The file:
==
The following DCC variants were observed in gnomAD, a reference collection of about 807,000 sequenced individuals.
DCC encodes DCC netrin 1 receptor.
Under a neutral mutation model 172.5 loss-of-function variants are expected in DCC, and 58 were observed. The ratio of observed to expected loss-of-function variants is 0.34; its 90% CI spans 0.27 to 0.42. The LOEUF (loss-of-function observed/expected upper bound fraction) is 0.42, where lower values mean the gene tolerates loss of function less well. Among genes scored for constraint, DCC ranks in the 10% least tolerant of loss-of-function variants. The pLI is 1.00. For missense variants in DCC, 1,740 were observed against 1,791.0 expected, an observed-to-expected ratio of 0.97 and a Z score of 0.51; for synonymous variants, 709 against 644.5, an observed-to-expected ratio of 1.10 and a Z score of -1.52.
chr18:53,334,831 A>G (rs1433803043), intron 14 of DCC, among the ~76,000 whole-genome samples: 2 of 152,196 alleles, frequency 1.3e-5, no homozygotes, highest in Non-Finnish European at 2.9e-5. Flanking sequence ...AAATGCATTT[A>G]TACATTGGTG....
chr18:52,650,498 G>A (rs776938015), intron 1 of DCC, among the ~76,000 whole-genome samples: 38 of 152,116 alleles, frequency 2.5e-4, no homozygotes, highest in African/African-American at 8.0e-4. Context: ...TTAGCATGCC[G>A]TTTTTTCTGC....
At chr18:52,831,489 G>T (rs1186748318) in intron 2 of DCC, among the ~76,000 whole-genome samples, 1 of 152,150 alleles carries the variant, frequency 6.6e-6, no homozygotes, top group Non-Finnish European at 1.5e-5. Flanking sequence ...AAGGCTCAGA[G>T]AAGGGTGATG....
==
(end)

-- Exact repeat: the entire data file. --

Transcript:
The following DCC variants were observed in gnomAD, a reference collection of about 807,000 sequenced individuals.
DCC encodes DCC netrin 1 receptor.
Under a neutral mutation model 172.5 loss-of-function variants are expected in DCC, and 58 were observed. The ratio of observed to expected loss-of-function variants is 0.34; its 90% CI spans 0.27 to 0.42. The LOEUF (loss-of-function observed/expected upper bound fraction) is 0.42, where lower values mean the gene tolerates loss of function less well. Among genes scored for constraint, DCC ranks in the 10% least tolerant of loss-of-function variants. The pLI is 1.00. For missense variants in DCC, 1,740 were observed against 1,791.0 expected, an observed-to-expected ratio of 0.97 and a Z score of 0.51; for synonymous variants, 709 against 644.5, an observed-to-expected ratio of 1.10 and a Z score of -1.52.
chr18:53,334,831 A>G (rs1433803043), intron 14 of DCC, among the ~76,000 whole-genome samples: 2 of 152,196 alleles, frequency 1.3e-5, no homozygotes, highest in Non-Finnish European at 2.9e-5. Flanking sequence ...AAATGCATTT[A>G]TACATTGGTG....
chr18:52,650,498 G>A (rs776938015), intron 1 of DCC, among the ~76,000 whole-genome samples: 38 of 152,116 alleles, frequency 2.5e-4, no homozygotes, highest in African/African-American at 8.0e-4. Context: ...TTAGCATGCC[G>A]TTTTTTCTGC....
At chr18:52,831,489 G>T (rs1186748318) in intron 2 of DCC, among the ~76,000 whole-genome samples, 1 of 152,150 alleles carries the variant, frequency 6.6e-6, no homozygotes, top group Non-Finnish European at 1.5e-5. Flanking sequence ...AAGGCTCAGA[G>T]AAGGGTGATG....